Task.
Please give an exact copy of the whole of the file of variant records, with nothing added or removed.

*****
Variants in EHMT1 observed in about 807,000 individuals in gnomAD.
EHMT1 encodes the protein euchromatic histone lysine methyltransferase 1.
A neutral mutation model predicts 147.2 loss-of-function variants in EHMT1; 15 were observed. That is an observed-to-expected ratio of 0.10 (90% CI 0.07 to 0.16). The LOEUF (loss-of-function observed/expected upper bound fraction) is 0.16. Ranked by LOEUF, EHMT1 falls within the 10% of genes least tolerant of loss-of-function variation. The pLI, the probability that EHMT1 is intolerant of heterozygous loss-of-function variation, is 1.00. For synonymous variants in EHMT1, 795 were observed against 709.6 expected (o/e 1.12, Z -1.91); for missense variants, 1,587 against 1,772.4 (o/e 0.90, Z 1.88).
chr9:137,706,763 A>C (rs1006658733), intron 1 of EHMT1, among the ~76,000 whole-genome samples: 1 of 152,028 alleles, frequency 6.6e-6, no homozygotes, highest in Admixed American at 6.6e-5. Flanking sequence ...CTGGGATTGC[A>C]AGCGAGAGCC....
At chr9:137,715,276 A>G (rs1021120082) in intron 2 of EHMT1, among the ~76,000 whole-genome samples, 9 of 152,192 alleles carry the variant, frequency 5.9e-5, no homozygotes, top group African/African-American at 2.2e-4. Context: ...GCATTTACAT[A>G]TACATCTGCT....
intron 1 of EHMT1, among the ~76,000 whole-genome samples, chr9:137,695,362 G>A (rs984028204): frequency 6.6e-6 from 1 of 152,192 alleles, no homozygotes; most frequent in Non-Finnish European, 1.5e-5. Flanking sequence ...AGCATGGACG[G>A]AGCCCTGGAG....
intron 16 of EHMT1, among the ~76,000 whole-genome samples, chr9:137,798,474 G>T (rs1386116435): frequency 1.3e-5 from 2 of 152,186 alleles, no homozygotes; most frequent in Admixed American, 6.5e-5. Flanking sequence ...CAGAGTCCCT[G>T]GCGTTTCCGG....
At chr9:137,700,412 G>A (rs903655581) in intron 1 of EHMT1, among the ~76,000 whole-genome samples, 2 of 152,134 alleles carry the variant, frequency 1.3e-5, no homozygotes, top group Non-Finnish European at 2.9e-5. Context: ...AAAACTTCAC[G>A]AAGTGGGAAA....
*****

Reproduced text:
Variants in EHMT1 observed in about 807,000 individuals in gnomAD.
EHMT1 encodes the protein euchromatic histone lysine methyltransferase 1.
A neutral mutation model predicts 147.2 loss-of-function variants in EHMT1; 15 were observed. That is an observed-to-expected ratio of 0.10 (90% CI 0.07 to 0.16). The LOEUF (loss-of-function observed/expected upper bound fraction) is 0.16. Ranked by LOEUF, EHMT1 falls within the 10% of genes least tolerant of loss-of-function variation. The pLI, the probability that EHMT1 is intolerant of heterozygous loss-of-function variation, is 1.00. For synonymous variants in EHMT1, 795 were observed against 709.6 expected (o/e 1.12, Z -1.91); for missense variants, 1,587 against 1,772.4 (o/e 0.90, Z 1.88).
chr9:137,706,763 A>C (rs1006658733), intron 1 of EHMT1, among the ~76,000 whole-genome samples: 1 of 152,028 alleles, frequency 6.6e-6, no homozygotes, highest in Admixed American at 6.6e-5. Flanking sequence ...CTGGGATTGC[A>C]AGCGAGAGCC....
At chr9:137,715,276 A>G (rs1021120082) in intron 2 of EHMT1, among the ~76,000 whole-genome samples, 9 of 152,192 alleles carry the variant, frequency 5.9e-5, no homozygotes, top group African/African-American at 2.2e-4. Context: ...GCATTTACAT[A>G]TACATCTGCT....
intron 1 of EHMT1, among the ~76,000 whole-genome samples, chr9:137,695,362 G>A (rs984028204): frequency 6.6e-6 from 1 of 152,192 alleles, no homozygotes; most frequent in Non-Finnish European, 1.5e-5. Flanking sequence ...AGCATGGACG[G>A]AGCCCTGGAG....
intron 16 of EHMT1, among the ~76,000 whole-genome samples, chr9:137,798,474 G>T (rs1386116435): frequency 1.3e-5 from 2 of 152,186 alleles, no homozygotes; most frequent in Admixed American, 6.5e-5. Flanking sequence ...CAGAGTCCCT[G>T]GCGTTTCCGG....
At chr9:137,700,412 G>A (rs903655581) in intron 1 of EHMT1, among the ~76,000 whole-genome samples, 2 of 152,134 alleles carry the variant, frequency 1.3e-5, no homozygotes, top group Non-Finnish European at 2.9e-5. Context: ...AAAACTTCAC[G>A]AAGTGGGAAA....